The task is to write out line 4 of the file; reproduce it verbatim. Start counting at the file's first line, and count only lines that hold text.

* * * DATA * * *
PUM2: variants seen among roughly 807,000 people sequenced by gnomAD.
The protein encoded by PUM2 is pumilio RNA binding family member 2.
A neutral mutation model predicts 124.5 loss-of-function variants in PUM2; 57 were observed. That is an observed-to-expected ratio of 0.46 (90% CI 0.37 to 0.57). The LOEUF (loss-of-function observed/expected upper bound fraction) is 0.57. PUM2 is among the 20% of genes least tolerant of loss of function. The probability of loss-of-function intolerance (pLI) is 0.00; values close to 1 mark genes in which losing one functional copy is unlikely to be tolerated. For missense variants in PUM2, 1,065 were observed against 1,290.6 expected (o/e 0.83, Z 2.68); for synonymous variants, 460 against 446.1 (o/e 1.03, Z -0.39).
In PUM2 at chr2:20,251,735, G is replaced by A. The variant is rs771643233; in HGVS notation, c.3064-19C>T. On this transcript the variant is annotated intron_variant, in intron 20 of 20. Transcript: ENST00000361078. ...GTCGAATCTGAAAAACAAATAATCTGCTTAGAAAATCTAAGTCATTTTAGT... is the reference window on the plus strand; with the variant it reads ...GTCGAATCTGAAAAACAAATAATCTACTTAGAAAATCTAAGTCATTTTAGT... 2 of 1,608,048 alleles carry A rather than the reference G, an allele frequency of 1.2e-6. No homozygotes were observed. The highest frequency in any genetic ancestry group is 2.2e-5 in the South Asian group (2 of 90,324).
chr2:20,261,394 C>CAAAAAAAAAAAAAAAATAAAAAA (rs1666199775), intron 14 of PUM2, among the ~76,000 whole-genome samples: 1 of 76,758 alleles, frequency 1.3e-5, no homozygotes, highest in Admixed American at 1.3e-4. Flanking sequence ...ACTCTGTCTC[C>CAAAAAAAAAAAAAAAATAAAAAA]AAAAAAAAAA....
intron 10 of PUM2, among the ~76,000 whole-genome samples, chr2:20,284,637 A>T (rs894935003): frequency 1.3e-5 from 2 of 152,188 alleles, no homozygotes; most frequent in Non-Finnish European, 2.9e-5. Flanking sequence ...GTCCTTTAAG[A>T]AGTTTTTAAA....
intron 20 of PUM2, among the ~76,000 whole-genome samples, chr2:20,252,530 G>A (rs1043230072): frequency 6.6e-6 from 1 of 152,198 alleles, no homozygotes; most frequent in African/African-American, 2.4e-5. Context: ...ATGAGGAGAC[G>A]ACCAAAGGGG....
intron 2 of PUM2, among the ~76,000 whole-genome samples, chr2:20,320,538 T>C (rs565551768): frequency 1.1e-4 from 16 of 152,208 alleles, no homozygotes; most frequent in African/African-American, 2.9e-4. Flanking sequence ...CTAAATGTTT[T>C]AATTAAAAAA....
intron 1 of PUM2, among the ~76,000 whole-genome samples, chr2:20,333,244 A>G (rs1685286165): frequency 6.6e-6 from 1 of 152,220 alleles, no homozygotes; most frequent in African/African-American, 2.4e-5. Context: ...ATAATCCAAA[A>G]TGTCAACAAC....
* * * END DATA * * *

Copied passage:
In PUM2 at chr2:20,251,735, G is replaced by A. The variant is rs771643233; in HGVS notation, c.3064-19C>T. On this transcript the variant is annotated intron_variant, in intron 20 of 20. Transcript: ENST00000361078. ...GTCGAATCTGAAAAACAAATAATCTGCTTAGAAAATCTAAGTCATTTTAGT... is the reference window on the plus strand; with the variant it reads ...GTCGAATCTGAAAAACAAATAATCTACTTAGAAAATCTAAGTCATTTTAGT... 2 of 1,608,048 alleles carry A rather than the reference G, an allele frequency of 1.2e-6. No homozygotes were observed. The highest frequency in any genetic ancestry group is 2.2e-5 in the South Asian group (2 of 90,324).